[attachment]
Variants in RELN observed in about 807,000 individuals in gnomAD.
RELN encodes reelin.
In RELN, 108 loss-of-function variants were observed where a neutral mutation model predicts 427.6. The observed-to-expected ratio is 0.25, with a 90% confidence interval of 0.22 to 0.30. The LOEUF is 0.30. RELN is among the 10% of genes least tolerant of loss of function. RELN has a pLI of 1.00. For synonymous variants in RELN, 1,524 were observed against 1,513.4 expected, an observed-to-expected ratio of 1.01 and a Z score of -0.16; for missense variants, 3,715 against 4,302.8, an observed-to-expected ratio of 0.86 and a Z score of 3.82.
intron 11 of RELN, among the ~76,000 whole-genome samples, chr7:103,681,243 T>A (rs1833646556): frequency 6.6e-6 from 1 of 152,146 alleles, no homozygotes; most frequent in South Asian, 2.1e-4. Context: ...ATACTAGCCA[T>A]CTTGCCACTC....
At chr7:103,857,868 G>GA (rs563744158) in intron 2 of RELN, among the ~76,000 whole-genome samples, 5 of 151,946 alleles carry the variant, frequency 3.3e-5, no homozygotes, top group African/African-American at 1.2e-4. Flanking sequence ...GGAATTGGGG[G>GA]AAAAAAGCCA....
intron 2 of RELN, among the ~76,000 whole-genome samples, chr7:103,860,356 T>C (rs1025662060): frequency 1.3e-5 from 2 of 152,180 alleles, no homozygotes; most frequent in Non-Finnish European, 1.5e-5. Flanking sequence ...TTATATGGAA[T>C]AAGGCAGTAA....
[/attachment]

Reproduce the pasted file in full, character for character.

Variants in RELN observed in about 807,000 individuals in gnomAD.
RELN encodes reelin.
In RELN, 108 loss-of-function variants were observed where a neutral mutation model predicts 427.6. The observed-to-expected ratio is 0.25, with a 90% confidence interval of 0.22 to 0.30. The LOEUF is 0.30. RELN is among the 10% of genes least tolerant of loss of function. RELN has a pLI of 1.00. For synonymous variants in RELN, 1,524 were observed against 1,513.4 expected, an observed-to-expected ratio of 1.01 and a Z score of -0.16; for missense variants, 3,715 against 4,302.8, an observed-to-expected ratio of 0.86 and a Z score of 3.82.
intron 11 of RELN, among the ~76,000 whole-genome samples, chr7:103,681,243 T>A (rs1833646556): frequency 6.6e-6 from 1 of 152,146 alleles, no homozygotes; most frequent in South Asian, 2.1e-4. Context: ...ATACTAGCCA[T>A]CTTGCCACTC....
At chr7:103,857,868 G>GA (rs563744158) in intron 2 of RELN, among the ~76,000 whole-genome samples, 5 of 151,946 alleles carry the variant, frequency 3.3e-5, no homozygotes, top group African/African-American at 1.2e-4. Flanking sequence ...GGAATTGGGG[G>GA]AAAAAAGCCA....
intron 2 of RELN, among the ~76,000 whole-genome samples, chr7:103,860,356 T>C (rs1025662060): frequency 1.3e-5 from 2 of 152,180 alleles, no homozygotes; most frequent in Non-Finnish European, 1.5e-5. Flanking sequence ...TTATATGGAA[T>C]AAGGCAGTAA....